Adrian Fontecilla is in his third and final year of GW Law School. But unlike many other graduate students these days, he does not have to worry about securing future employment in the sparse job market.
Thanks to his previous participation in a summer associate program, he and many of his fellow law students already have lucrative jobs lined up. This experience, unique to the field of law, exposes aspiring lawyers like Fontecilla to the inner workings of private firms, leaving the best of them with a profitable job offer at the end of a few months.
The Association for Legal Career Professionals has been surveying law firms about their summer programs since the early 1990s. Since then, an average of 89 percent of all summer associates, like Fontecilla, receive a job offer after completing a program. Larger firms, and those located in cities like New York and Boston, typically offer more than 90 percent of their summer associates a job.
But students must first be selected to participate in a summer program, which is no easy feat. Fontecilla, headed to work in a large New York firm this summer, faced a rude awakening when he began the recruitment process for securing his summer job.
“Before law school you hear about all this glory and pay, when in fact, only a small percentage of law students get those associate jobs,” Fontecilla said. “You quickly realize it’s very competitive.”
To help students secure a coveted summer associate position, Carol Montgomery and other advisers in the GW Law School’s Career Development Office travel around the country to attract firms to come to campus and meet with students.
During large recruitment programs every August and September, about 275 firms come on campus, and then another about 300 will have resumes collected or have students contact them directly, Montgomery said.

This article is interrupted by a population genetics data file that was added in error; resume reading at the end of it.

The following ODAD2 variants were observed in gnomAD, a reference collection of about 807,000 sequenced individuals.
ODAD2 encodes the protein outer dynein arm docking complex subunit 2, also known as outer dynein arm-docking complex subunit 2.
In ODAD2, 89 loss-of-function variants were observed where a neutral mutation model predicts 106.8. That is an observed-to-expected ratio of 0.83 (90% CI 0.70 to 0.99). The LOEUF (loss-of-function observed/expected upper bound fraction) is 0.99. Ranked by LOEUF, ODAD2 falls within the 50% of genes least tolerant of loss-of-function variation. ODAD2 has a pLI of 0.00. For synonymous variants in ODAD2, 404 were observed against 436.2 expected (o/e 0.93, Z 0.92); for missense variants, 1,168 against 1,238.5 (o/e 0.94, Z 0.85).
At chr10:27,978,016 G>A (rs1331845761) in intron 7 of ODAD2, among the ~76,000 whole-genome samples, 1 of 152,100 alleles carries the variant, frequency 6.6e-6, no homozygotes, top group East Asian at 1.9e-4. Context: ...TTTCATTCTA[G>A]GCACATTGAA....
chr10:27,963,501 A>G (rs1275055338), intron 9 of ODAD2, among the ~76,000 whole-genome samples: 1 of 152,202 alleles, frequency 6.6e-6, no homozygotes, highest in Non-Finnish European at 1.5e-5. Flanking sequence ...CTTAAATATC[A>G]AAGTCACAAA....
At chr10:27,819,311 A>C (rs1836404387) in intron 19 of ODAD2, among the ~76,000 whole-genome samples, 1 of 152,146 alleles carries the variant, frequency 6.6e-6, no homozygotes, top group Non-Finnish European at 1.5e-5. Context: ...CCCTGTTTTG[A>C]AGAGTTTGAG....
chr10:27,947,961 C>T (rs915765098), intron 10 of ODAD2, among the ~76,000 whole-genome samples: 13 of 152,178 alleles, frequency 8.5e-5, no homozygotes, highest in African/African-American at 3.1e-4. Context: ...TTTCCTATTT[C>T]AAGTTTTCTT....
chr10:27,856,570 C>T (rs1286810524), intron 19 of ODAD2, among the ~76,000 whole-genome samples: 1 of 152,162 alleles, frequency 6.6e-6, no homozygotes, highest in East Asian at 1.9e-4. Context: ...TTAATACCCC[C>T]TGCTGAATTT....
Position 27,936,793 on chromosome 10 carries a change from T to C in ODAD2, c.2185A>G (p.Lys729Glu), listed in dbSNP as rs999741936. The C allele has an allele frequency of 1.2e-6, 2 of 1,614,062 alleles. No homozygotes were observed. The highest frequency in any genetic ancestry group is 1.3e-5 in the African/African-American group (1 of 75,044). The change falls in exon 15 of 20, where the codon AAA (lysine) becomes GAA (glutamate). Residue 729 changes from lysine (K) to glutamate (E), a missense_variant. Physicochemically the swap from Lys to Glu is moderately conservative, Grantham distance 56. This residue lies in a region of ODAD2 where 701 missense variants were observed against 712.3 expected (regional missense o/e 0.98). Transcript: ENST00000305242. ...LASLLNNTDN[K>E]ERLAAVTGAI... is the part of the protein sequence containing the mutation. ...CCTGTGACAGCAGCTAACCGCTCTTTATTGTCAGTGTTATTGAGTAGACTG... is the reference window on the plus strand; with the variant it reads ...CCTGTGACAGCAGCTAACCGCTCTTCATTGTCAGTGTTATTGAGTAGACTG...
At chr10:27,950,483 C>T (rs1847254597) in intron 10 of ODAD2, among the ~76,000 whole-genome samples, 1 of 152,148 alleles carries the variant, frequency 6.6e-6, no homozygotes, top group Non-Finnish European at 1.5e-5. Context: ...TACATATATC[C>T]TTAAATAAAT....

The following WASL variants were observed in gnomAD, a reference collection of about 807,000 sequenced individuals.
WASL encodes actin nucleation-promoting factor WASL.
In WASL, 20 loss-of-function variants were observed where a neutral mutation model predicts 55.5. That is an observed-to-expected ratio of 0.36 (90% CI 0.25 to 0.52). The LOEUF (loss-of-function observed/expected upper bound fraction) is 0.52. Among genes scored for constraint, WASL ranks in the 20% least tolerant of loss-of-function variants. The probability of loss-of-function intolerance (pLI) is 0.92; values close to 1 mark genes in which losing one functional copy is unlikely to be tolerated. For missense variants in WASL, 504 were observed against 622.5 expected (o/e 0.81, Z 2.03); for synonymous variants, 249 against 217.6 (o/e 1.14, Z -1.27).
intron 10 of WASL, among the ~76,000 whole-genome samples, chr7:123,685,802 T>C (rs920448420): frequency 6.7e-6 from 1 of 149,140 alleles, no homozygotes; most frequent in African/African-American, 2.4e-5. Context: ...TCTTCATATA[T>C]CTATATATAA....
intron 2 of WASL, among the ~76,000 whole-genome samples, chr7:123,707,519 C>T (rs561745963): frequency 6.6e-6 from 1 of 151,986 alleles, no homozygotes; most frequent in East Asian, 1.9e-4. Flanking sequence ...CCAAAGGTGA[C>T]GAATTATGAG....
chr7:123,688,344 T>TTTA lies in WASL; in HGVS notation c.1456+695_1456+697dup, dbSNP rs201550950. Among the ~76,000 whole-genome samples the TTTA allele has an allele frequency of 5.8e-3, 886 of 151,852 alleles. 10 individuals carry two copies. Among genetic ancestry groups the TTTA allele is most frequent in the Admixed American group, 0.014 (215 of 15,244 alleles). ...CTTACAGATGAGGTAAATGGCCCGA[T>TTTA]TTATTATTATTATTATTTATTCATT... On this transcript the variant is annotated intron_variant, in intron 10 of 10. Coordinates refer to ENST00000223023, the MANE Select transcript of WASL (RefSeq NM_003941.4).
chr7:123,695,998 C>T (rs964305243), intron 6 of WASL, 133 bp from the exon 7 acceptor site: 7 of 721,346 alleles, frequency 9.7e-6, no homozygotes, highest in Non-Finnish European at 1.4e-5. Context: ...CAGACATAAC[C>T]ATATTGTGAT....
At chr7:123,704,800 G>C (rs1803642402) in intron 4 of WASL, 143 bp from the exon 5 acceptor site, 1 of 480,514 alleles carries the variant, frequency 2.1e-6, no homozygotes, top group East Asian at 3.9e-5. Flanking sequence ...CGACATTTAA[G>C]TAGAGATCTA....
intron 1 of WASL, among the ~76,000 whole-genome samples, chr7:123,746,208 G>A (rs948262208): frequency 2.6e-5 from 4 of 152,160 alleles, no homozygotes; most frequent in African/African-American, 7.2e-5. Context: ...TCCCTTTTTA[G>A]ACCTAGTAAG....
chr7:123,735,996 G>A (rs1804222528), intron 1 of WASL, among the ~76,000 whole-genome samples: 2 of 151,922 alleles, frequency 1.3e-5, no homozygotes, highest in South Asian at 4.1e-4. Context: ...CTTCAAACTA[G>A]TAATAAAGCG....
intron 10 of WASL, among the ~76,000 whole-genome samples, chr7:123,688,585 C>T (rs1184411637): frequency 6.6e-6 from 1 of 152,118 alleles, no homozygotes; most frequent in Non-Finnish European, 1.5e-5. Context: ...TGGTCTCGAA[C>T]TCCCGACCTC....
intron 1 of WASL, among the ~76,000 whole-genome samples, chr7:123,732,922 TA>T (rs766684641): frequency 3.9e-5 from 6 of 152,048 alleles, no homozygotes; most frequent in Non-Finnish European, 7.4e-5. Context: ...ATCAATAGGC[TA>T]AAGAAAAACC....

Once in contact with a firm, students then endure a series of rigorous screening and call-back interviews.
“Primarily what you’re trying to do – and it’s very difficult – is look at someone in a 20-minute interview and a series of 30-minute interviews, and see if they’d be a right fit for your firm and your practice,” said Marc Miller, a hiring partner at the law firm Holland & Knight.
But the interview process works both ways.
“You’re getting to know the firm as they’re getting to know you, because you want to work with good and hard-working people and know that you’re going into a solid business,” Fontecilla said. “A couple law firms have recently disappeared off of the map.”
This effort to gain some mutual understanding extends beyond the initial interview process and pervades the program itself. Megan Doyle, a third-year law student who was a summer associate at the law firm Covington and Burling, describes her experience as “a 10-week long interview process for a job after graduation.”
Fontecilla saw his experience as an opportunity to understand what life would be like as a lawyer.
“A lot of times you don’t know what it’s like inside the walls of the firm. You see the movies, but it’s a chance to ask questions, especially what you weren’t able to ask during the interviews, and get to know the lawyers firsthand,” Fontecilla said.
Summer associate programs consist of a unique blend of substantive work – similar to what students would be assigned as entry-level associates – and social activities, so that they and the firm’s lawyers will have the opportunity to learn if they are a good match for one another.
While a summer associate in New York, for instance, Fontecilla was taken to Broadway plays, musicals and concerts and toured the United Nations headquarters.
Still, summer associates cannot take these benefits for granted.
“You take advantage of the perks but you don’t abuse them,” Fontecilla warned. “If you do bad work and you slack off, they don’t need to give you the offer, so you go in with the understanding that you’re not an employee until the end of the summer. Never give them an excuse to not invite you back.”
But neither Fontecilla nor Doyle said they experienced much competition among their fellow summer associates.
“There was a camaraderie between me and the other members of my summer class, because it’s not so much as you’re competing against the other members, you’re just trying to do good work yourself,” Doyle said.
The majority of students offered a job decide to work at the firm that hosted their summer associate program, though young lawyers can practice public interest law in nonprofit organizations, clerk for judges, work for the government or practice law in smaller, more intimate firms.